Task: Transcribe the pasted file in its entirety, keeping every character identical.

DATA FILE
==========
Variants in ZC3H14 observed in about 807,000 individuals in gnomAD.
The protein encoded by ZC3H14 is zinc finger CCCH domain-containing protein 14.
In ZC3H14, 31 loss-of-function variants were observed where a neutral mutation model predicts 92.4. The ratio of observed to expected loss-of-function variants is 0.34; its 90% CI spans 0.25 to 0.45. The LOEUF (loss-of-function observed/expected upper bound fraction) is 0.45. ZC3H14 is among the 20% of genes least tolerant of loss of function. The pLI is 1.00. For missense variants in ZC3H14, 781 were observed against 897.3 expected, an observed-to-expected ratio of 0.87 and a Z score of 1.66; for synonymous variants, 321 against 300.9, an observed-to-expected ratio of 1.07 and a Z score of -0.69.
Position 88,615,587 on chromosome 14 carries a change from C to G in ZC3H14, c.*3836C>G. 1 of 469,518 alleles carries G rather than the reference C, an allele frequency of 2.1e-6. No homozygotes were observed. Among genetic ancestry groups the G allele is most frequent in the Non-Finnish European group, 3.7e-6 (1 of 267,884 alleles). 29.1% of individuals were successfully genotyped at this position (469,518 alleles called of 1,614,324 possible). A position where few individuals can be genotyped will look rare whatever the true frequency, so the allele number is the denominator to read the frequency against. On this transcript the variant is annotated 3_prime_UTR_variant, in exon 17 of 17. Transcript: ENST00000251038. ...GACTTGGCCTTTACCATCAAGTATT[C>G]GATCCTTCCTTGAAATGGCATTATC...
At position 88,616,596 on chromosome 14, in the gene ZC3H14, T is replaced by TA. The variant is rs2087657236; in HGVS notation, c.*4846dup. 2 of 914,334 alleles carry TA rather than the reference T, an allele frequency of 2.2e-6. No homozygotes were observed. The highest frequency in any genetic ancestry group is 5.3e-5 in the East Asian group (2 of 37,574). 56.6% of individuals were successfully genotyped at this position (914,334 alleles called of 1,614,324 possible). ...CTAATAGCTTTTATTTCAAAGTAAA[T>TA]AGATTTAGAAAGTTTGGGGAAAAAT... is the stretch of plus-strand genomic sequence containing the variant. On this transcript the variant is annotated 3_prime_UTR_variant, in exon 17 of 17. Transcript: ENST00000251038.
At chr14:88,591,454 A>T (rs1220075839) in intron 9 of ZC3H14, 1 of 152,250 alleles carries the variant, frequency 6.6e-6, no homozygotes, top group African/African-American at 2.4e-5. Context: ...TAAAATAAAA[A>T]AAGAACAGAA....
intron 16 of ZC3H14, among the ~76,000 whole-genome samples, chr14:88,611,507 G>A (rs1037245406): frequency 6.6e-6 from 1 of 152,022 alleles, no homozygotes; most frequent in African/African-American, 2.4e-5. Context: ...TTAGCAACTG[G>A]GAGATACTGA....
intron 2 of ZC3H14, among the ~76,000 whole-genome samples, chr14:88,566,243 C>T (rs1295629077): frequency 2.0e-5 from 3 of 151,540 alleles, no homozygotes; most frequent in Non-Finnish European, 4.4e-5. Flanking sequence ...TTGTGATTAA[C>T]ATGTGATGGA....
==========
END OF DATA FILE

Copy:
Variants in ZC3H14 observed in about 807,000 individuals in gnomAD.
The protein encoded by ZC3H14 is zinc finger CCCH domain-containing protein 14.
In ZC3H14, 31 loss-of-function variants were observed where a neutral mutation model predicts 92.4. The ratio of observed to expected loss-of-function variants is 0.34; its 90% CI spans 0.25 to 0.45. The LOEUF (loss-of-function observed/expected upper bound fraction) is 0.45. ZC3H14 is among the 20% of genes least tolerant of loss of function. The pLI is 1.00. For missense variants in ZC3H14, 781 were observed against 897.3 expected, an observed-to-expected ratio of 0.87 and a Z score of 1.66; for synonymous variants, 321 against 300.9, an observed-to-expected ratio of 1.07 and a Z score of -0.69.
Position 88,615,587 on chromosome 14 carries a change from C to G in ZC3H14, c.*3836C>G. 1 of 469,518 alleles carries G rather than the reference C, an allele frequency of 2.1e-6. No homozygotes were observed. Among genetic ancestry groups the G allele is most frequent in the Non-Finnish European group, 3.7e-6 (1 of 267,884 alleles). 29.1% of individuals were successfully genotyped at this position (469,518 alleles called of 1,614,324 possible). A position where few individuals can be genotyped will look rare whatever the true frequency, so the allele number is the denominator to read the frequency against. On this transcript the variant is annotated 3_prime_UTR_variant, in exon 17 of 17. Transcript: ENST00000251038. ...GACTTGGCCTTTACCATCAAGTATT[C>G]GATCCTTCCTTGAAATGGCATTATC...
At position 88,616,596 on chromosome 14, in the gene ZC3H14, T is replaced by TA. The variant is rs2087657236; in HGVS notation, c.*4846dup. 2 of 914,334 alleles carry TA rather than the reference T, an allele frequency of 2.2e-6. No homozygotes were observed. The highest frequency in any genetic ancestry group is 5.3e-5 in the East Asian group (2 of 37,574). 56.6% of individuals were successfully genotyped at this position (914,334 alleles called of 1,614,324 possible). ...CTAATAGCTTTTATTTCAAAGTAAA[T>TA]AGATTTAGAAAGTTTGGGGAAAAAT... is the stretch of plus-strand genomic sequence containing the variant. On this transcript the variant is annotated 3_prime_UTR_variant, in exon 17 of 17. Transcript: ENST00000251038.
At chr14:88,591,454 A>T (rs1220075839) in intron 9 of ZC3H14, 1 of 152,250 alleles carries the variant, frequency 6.6e-6, no homozygotes, top group African/African-American at 2.4e-5. Context: ...TAAAATAAAA[A>T]AAGAACAGAA....
intron 16 of ZC3H14, among the ~76,000 whole-genome samples, chr14:88,611,507 G>A (rs1037245406): frequency 6.6e-6 from 1 of 152,022 alleles, no homozygotes; most frequent in African/African-American, 2.4e-5. Context: ...TTAGCAACTG[G>A]GAGATACTGA....
intron 2 of ZC3H14, among the ~76,000 whole-genome samples, chr14:88,566,243 C>T (rs1295629077): frequency 2.0e-5 from 3 of 151,540 alleles, no homozygotes; most frequent in Non-Finnish European, 4.4e-5. Flanking sequence ...TTGTGATTAA[C>T]ATGTGATGGA....